Editing Angst

I’m in the final stage of editing my manuscript for publication, which means I’ve been residing for a while in that special place in hell reserved for writers. See me over there? I’m tucked away behind the third brimstone pit on your left, smoldering notes scattered about me, and laptop clutched in my sweaty hands.

I need a break. I need inspiration. So it’s time to pause for a moment and remember why, of my own free will, I chose to be in Writers Hell.


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No truer words have ever been spoken. Any writer who thinks her/his first draft is ready to make its grand appearance before the reading public is delusional. Maybe the twentieth draft. Maybe.


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I butchered my story, cutting out description, exposition, dialogue, and backstory until I stripped its skeleton of all flesh. Lord, it looks so damned bare now. Does anyone have a spare jacket?


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I argued with myself–did I take out too much? Did I leave enough to give the reader a sense of time and place? Did I adequately reach inside the minds’ of my characters, and lay on the table for all to see their thoughts, emotions, and internal conflicts? Should I include this paragraph? Should I throw out that one? On and on.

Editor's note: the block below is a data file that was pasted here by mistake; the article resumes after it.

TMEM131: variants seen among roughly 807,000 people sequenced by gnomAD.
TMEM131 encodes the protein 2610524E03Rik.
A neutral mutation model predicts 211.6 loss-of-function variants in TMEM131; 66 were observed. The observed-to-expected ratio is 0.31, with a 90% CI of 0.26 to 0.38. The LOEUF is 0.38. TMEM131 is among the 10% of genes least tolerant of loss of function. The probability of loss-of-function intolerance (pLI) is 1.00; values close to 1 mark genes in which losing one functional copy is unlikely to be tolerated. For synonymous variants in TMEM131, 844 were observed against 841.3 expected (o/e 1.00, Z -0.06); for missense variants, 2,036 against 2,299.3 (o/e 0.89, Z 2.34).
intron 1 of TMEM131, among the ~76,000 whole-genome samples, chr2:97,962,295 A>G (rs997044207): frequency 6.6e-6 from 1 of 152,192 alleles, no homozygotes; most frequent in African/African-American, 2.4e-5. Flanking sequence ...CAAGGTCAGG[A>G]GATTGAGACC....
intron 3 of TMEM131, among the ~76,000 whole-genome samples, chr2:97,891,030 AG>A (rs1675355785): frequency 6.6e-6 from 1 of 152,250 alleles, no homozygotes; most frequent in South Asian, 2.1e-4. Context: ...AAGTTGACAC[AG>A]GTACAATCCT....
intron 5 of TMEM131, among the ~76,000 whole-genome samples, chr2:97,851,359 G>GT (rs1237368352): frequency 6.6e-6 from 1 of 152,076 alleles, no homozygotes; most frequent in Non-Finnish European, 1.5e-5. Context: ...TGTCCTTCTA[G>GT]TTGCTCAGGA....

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I ruthlessly “killed my babies” (more commonly referred to as killing your darlings), and the more I killed, the easier it became to spill red ink. I learned to derive a perverse kind of joy as I dispatched words, sentences, and paragraphs without regard to their beauty and innocence. Mary Cathleen Clark became a monster, an unabashed killer of words.


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Through editing, I know I have become a stronger writer, one who won’t shy away from doing what is necessary to turn out a good story, even if it involves what feels close to self-mutilation at times.